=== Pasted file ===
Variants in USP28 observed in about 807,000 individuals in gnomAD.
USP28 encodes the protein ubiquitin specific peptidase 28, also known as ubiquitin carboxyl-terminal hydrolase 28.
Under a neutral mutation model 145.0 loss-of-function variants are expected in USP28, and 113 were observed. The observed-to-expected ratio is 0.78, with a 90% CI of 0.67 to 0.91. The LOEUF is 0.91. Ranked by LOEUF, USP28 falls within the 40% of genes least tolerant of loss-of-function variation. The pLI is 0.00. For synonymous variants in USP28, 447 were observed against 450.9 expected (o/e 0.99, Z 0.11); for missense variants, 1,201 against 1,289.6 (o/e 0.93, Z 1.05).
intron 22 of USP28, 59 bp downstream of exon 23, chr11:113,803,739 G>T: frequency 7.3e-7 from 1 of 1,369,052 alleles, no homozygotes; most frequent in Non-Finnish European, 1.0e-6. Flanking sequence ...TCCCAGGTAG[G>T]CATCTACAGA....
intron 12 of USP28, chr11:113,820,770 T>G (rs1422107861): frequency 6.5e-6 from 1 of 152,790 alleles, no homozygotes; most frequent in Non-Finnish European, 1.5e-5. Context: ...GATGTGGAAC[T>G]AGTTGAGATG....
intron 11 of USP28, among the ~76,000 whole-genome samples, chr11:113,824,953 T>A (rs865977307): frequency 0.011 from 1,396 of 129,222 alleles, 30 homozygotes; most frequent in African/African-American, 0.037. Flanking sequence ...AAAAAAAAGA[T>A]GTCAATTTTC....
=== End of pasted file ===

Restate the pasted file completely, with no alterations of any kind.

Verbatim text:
Variants in USP28 observed in about 807,000 individuals in gnomAD.
USP28 encodes the protein ubiquitin specific peptidase 28, also known as ubiquitin carboxyl-terminal hydrolase 28.
Under a neutral mutation model 145.0 loss-of-function variants are expected in USP28, and 113 were observed. The observed-to-expected ratio is 0.78, with a 90% CI of 0.67 to 0.91. The LOEUF is 0.91. Ranked by LOEUF, USP28 falls within the 40% of genes least tolerant of loss-of-function variation. The pLI is 0.00. For synonymous variants in USP28, 447 were observed against 450.9 expected (o/e 0.99, Z 0.11); for missense variants, 1,201 against 1,289.6 (o/e 0.93, Z 1.05).
intron 22 of USP28, 59 bp downstream of exon 23, chr11:113,803,739 G>T: frequency 7.3e-7 from 1 of 1,369,052 alleles, no homozygotes; most frequent in Non-Finnish European, 1.0e-6. Flanking sequence ...TCCCAGGTAG[G>T]CATCTACAGA....
intron 12 of USP28, chr11:113,820,770 T>G (rs1422107861): frequency 6.5e-6 from 1 of 152,790 alleles, no homozygotes; most frequent in Non-Finnish European, 1.5e-5. Context: ...GATGTGGAAC[T>G]AGTTGAGATG....
intron 11 of USP28, among the ~76,000 whole-genome samples, chr11:113,824,953 T>A (rs865977307): frequency 0.011 from 1,396 of 129,222 alleles, 30 homozygotes; most frequent in African/African-American, 0.037. Flanking sequence ...AAAAAAAAGA[T>A]GTCAATTTTC....